Sucking Up Water and Sand in the Quest for Natural Gas

On a bridge 10 miles outside of Saint Jo, Texas, a small, sleepy town an hour and a half drive northwest of Dallas, a handful of locals have gathered on a July afternoon to look at a sand mine being built off a remote country road. Rolling hills dotted with pockets of dense trees fill the horizon in this area near the border of Cooke and Montague counties.

Although the sun is sinking in the west, it still hurls heat, and the wind is like breath from a furnace. Colossal grasshoppers leap in the tall, dry grass, flickering and then landing with tiny thuds. Barn swallows nesting under the bridge fly in long, ecstatic swoops back and forth to a nearby canopy of green trees, their black bodies contrasting against the sun-poached sky.

Mountain Creek runs under the bridge and along the west perimeter of the sand mine site. Now the creek bed's bottom is dry and cuts through the land like stretched taffy, but when water runs through, it feeds into the Red River, which dives south into Texas just a mile north of here. Locals are worried about what is being fed into the creek with the construction of the sand mine just 50 yards away. They take a certain ownership-by-birthright approach to the countryside.

They lean over the guardrail, peering down to see where deer tracks are pressed into the soft sand, then look up at the sand mine under construction. Fifty acres have been bulldozed, once-green pastures stripped bare, trees razed and left in forgotten heaps of dried timber. A pit the size of a football field has been hollowed out of the ground, two stories deep, like an inverted welt on the land, with bulldozers now idle, yet ready to dig deeper and wider.

Wylie Harris makes his living off this land, as did four generations of family before him. Like many folks out here in Cooke County, he raises livestock and therefore depends on water for not only sustenance, but for income too.

"Just down the slope in back of the house there's a hand-dug well lined with limestone rocks that dates to my grandparents' time," Harris says. "For us, growing up, that well was a risk of snakebite or drowning, not a water source. But to the first generations of my family to live here, it was many long days of hard and dangerous work in exchange for a perpetual source of water."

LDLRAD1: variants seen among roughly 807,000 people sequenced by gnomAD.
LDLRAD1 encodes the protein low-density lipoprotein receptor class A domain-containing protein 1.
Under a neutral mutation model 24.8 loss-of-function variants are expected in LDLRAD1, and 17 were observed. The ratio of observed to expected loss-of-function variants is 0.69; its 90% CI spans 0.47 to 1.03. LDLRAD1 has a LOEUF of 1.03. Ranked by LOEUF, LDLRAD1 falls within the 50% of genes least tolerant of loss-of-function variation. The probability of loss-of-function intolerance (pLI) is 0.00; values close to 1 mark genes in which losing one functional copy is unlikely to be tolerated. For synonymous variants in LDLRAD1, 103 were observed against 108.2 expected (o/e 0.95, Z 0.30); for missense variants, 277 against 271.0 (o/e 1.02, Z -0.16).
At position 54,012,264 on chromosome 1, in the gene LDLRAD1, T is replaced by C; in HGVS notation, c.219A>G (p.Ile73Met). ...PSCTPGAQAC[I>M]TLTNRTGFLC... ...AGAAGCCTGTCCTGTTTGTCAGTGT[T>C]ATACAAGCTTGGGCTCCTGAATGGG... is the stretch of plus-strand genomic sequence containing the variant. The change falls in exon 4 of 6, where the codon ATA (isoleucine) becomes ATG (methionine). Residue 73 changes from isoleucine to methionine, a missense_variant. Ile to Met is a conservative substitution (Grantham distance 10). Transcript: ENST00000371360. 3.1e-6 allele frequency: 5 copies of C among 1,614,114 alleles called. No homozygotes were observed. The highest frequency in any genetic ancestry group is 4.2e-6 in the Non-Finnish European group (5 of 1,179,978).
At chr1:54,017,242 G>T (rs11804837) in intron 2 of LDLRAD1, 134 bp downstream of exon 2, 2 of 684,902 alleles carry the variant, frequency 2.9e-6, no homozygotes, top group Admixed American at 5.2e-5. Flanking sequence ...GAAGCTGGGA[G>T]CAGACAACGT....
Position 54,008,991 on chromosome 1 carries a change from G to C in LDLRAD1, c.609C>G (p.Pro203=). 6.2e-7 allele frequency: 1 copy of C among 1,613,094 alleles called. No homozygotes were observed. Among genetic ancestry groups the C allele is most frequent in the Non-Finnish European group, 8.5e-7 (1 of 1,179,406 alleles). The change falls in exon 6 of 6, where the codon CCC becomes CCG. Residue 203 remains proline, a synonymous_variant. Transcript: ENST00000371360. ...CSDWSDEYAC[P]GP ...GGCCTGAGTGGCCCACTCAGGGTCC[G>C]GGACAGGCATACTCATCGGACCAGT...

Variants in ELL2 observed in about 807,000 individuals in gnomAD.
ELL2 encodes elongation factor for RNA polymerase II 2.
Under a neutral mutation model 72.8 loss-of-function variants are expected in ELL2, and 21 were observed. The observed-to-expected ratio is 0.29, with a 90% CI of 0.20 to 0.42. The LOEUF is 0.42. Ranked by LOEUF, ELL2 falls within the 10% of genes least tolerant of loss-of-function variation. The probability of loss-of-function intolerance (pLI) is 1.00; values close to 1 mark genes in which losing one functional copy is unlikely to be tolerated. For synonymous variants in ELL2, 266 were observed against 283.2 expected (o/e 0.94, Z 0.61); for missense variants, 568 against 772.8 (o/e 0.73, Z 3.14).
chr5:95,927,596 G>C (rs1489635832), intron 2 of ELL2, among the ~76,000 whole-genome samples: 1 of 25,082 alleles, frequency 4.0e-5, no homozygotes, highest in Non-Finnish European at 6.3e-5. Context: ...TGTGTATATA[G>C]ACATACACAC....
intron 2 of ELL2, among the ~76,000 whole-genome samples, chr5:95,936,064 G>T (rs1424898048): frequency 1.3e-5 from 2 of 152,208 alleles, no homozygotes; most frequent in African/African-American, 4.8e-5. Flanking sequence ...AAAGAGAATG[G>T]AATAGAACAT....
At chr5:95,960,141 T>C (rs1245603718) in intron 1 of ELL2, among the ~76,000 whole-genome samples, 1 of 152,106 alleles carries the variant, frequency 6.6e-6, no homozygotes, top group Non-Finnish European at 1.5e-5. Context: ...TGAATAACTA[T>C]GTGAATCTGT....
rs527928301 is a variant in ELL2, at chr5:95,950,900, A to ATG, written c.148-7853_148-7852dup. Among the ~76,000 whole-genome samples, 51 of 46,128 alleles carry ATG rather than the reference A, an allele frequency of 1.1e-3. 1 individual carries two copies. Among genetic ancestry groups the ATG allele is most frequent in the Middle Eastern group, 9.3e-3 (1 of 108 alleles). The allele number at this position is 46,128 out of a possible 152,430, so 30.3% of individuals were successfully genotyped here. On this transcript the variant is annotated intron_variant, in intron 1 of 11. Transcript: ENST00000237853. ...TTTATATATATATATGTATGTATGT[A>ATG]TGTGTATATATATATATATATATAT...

The relentless drought baking Texas drives home the importance of water wells like his. Each week Harris carefully estimates how much water and grass are left on his land to sustain his cattle. Wearing jeans, a white button-down shirt, boots and a straw hat, his coarse beard contrasting with his youthful eyes, Harris is slow and thoughtful in choosing his words.

"I have one week for grazing and two weeks of water left in the pond. After that, for the first time in over 50 years, we'll have to use ground water," Harris says.

By now, the pond is dry. All across Texas, craters dot pastures where stock ponds have been reduced to cracked mud. According to Texas State Climatologist John Gammon, Texas is in the most severe one-year drought since records have been kept.

Grazing land is parched, meaning farmers have to truck in hay, which in turn has resulted in a spike in the cost of hay. Ranchers statewide are now selling cattle they can no longer afford to nourish. Many have resorted to well water to keep alive what's left, putting added pressure on the aquifers from which the wells draw. With no rain to replenish them, the aquifers are at all-time low levels.

"The general trend is a 20-foot drop in the Trinity Aquifer. But in some areas, as much as 80 feet," says Dr. Bob Patterson, president of the Upper Trinity Groundwater Conservation District.

Harris knows that eventually the grass will grow and the ponds will refill. What he does worry about, however, is the Trinity Aquifer a few hundred feet below. Even if the pressure from all of those farm pumps subsides, EOG Resources will soon need to pump large amounts of water for its sand mine just two miles from Harris' land because they don't just take the sand, they wash it. With the mine's capacity to produce 2,700 tons of sand a day, there's a lot of sand to wash.

EOG — formerly Enron Oil and Gas — needs the sand near Saint Jo for its primary business of fracking, the controversial method of extracting gas from tight shale formations by fracturing the shale. As the fourth-largest owner of gas wells over the Barnett Shale, EOG has a critical need for sand used in the process.

While Dallas leaders debate whether to allow gas companies to drill over the rich shale formations below the city and have appointed a special commission to review air pollution issues and other hazards, Harris and the residents in Cooke and Montague counties are at the other end of the fracking spectrum, fighting for their already waning water supply.

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Lauren Drewes Daniels is the Dallas Observer's food editor. She started writing about local restaurants, chefs, beer and kouign-amanns in 2011. She's driven through two dirt devils and is certain they were both some type of cosmic force.